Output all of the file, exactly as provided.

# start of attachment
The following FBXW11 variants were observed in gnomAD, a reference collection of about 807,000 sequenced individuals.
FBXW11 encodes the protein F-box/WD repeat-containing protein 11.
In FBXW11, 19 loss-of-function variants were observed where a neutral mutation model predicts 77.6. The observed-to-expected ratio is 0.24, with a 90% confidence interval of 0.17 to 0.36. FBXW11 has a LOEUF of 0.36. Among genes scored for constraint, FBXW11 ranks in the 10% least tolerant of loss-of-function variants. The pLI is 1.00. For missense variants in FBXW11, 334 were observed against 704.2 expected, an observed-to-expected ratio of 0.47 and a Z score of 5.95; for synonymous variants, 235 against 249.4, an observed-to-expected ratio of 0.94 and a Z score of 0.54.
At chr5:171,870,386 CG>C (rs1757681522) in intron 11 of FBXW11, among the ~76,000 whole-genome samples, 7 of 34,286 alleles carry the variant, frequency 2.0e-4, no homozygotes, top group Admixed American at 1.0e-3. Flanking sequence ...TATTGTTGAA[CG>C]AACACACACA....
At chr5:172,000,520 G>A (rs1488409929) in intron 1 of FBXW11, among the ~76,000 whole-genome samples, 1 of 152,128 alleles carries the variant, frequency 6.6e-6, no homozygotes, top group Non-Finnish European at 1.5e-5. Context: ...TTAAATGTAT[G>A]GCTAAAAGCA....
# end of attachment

The following FBXW11 variants were observed in gnomAD, a reference collection of about 807,000 sequenced individuals.
FBXW11 encodes the protein F-box/WD repeat-containing protein 11.
In FBXW11, 19 loss-of-function variants were observed where a neutral mutation model predicts 77.6. The observed-to-expected ratio is 0.24, with a 90% confidence interval of 0.17 to 0.36. FBXW11 has a LOEUF of 0.36. Among genes scored for constraint, FBXW11 ranks in the 10% least tolerant of loss-of-function variants. The pLI is 1.00. For missense variants in FBXW11, 334 were observed against 704.2 expected, an observed-to-expected ratio of 0.47 and a Z score of 5.95; for synonymous variants, 235 against 249.4, an observed-to-expected ratio of 0.94 and a Z score of 0.54.
At chr5:171,870,386 CG>C (rs1757681522) in intron 11 of FBXW11, among the ~76,000 whole-genome samples, 7 of 34,286 alleles carry the variant, frequency 2.0e-4, no homozygotes, top group Admixed American at 1.0e-3. Flanking sequence ...TATTGTTGAA[CG>C]AACACACACA....
At chr5:172,000,520 G>A (rs1488409929) in intron 1 of FBXW11, among the ~76,000 whole-genome samples, 1 of 152,128 alleles carries the variant, frequency 6.6e-6, no homozygotes, top group Non-Finnish European at 1.5e-5. Context: ...TTAAATGTAT[G>A]GCTAAAAGCA....